Specialist disability accommodation is changing, not only in terms of developer and investor interest, but how the sector operates in Australia.
In this TUD Plus Briefing, taken from The Urban Developer’s Disability Housing vSummit, chief executive of Accessible Homes Australia Perry Cross explains what’s changed and some of the aspects developers need to understand to succeed in the sector.
Cross, a C2 ventilated quadriplegic, SDA participant and NDIS SDA reference group member, said that when he became a participant and provider about two years ago, it had been a more streamlined process.
“Now, we’re experiencing some outcomes for people that haven’t been anticipated,” he said.
“From a participant’s point of view, people were getting shared housing outcomes instead of independent living outcomes, for example, and that was one of the major hurdles we’ve faced in the last maybe six months.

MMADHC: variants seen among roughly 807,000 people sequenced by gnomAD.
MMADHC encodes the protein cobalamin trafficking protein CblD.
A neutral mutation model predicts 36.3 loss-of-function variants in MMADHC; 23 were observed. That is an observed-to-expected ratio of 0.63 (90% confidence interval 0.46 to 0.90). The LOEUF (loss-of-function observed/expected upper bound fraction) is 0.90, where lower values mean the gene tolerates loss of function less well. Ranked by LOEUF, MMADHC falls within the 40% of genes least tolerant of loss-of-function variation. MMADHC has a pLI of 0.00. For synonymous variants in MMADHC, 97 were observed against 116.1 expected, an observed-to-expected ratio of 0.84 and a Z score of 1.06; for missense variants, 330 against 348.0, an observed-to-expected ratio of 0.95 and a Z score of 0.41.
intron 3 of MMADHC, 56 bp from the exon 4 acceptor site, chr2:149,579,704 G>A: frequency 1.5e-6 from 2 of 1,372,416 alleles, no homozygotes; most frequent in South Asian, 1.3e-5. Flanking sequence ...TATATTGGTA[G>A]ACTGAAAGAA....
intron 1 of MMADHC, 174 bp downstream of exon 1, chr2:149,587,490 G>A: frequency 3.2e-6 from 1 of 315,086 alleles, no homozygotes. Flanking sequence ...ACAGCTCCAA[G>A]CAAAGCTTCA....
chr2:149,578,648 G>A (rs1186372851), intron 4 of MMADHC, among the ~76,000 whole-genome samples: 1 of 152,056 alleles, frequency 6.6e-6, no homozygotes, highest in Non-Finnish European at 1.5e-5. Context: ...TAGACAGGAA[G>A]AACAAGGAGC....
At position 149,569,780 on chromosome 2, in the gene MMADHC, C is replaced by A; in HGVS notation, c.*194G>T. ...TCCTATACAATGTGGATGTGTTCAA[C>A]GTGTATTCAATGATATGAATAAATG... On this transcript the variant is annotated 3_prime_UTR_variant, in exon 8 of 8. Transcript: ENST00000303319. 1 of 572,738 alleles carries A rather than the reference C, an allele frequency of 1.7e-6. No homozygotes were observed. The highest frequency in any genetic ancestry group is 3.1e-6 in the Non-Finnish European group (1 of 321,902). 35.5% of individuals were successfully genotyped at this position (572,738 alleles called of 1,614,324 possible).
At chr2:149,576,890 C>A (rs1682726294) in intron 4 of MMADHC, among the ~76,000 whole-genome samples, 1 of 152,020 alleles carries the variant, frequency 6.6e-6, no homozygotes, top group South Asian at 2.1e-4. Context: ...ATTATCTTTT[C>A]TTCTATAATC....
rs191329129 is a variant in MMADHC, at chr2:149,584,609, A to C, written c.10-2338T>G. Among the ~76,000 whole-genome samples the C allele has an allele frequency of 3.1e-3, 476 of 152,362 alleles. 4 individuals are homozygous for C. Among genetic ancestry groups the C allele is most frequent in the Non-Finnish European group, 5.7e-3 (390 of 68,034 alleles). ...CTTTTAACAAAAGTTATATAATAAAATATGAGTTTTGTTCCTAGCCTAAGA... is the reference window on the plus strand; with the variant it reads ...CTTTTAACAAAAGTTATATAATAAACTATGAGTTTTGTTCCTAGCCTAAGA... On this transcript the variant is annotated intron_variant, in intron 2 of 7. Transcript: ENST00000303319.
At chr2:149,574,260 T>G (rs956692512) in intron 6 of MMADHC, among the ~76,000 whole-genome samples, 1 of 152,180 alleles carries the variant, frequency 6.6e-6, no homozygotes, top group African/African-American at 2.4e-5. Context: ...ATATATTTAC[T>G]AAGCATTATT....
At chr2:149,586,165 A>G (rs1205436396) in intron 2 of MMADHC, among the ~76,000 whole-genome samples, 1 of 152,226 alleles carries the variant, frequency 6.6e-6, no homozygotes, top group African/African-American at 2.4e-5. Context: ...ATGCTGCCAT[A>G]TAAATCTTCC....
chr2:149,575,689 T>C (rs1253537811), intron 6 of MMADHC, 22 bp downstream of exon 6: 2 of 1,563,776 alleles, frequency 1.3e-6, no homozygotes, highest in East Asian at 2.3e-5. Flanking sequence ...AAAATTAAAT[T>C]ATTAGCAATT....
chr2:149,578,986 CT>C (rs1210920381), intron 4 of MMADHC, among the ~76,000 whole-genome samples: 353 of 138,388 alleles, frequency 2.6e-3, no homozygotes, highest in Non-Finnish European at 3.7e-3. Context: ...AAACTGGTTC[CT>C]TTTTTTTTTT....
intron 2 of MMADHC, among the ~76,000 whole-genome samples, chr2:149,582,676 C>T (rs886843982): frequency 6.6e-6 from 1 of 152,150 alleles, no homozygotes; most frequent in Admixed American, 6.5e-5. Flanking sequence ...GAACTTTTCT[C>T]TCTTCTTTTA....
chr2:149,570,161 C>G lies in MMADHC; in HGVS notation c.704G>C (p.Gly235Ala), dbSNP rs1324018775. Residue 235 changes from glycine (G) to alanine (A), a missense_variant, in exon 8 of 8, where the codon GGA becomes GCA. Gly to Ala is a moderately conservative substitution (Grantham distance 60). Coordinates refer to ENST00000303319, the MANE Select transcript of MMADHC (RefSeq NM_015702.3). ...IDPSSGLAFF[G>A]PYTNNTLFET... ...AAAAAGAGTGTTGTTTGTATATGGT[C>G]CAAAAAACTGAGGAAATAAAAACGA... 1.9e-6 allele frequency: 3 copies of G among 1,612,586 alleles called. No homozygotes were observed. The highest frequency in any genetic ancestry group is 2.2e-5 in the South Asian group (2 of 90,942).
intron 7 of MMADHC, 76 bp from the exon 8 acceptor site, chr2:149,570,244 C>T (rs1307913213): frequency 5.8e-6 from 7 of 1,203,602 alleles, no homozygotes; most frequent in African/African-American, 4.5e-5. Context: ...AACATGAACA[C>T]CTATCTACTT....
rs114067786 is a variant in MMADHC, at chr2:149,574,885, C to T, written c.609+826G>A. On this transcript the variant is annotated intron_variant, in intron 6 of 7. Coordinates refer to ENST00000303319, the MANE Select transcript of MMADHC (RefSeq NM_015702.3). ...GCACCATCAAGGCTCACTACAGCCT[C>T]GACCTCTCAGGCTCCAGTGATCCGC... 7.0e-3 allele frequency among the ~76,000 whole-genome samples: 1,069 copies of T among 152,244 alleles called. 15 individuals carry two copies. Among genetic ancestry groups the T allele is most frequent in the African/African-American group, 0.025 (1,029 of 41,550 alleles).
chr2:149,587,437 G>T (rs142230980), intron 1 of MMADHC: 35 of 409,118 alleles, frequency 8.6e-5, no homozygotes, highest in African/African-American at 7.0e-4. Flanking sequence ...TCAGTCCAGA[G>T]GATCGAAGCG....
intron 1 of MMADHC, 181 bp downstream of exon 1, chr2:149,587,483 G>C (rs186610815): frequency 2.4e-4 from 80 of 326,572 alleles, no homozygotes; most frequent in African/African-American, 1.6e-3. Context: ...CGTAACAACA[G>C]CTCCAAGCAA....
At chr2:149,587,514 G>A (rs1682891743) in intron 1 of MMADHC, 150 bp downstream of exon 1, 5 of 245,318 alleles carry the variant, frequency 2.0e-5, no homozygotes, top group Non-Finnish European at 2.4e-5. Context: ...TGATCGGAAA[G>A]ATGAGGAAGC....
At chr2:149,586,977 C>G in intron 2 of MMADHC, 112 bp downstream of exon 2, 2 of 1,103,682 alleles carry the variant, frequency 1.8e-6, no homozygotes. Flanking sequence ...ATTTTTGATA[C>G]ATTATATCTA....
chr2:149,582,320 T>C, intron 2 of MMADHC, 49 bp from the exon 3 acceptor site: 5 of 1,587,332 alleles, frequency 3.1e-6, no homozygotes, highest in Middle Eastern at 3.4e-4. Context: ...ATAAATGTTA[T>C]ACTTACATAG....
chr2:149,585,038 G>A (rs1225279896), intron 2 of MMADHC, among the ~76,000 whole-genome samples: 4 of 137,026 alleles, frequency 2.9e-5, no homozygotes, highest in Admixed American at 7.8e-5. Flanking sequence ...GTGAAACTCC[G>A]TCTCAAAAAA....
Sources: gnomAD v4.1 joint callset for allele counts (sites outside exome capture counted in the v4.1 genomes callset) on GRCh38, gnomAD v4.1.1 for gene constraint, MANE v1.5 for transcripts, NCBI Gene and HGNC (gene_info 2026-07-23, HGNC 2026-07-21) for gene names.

“For someone like myself, who has a high-level spinal injury living on my own, my preference is not to share a house with other people with disabilities.
“That would go for other people out there, everyday people on the street. You don’t necessarily want to share with people just because you have something in common, like a disability.
“We’re moving away from the old group model into this new world of SDA which is a national infrastructure that we’re developing so we have independent outcomes for people, we have shared outcomes for people, we have a multitude of different housing styles and opportunities for people.
“Developers need to really understand the different criteria, the different models and then understand how they work on the ground for people like myself.”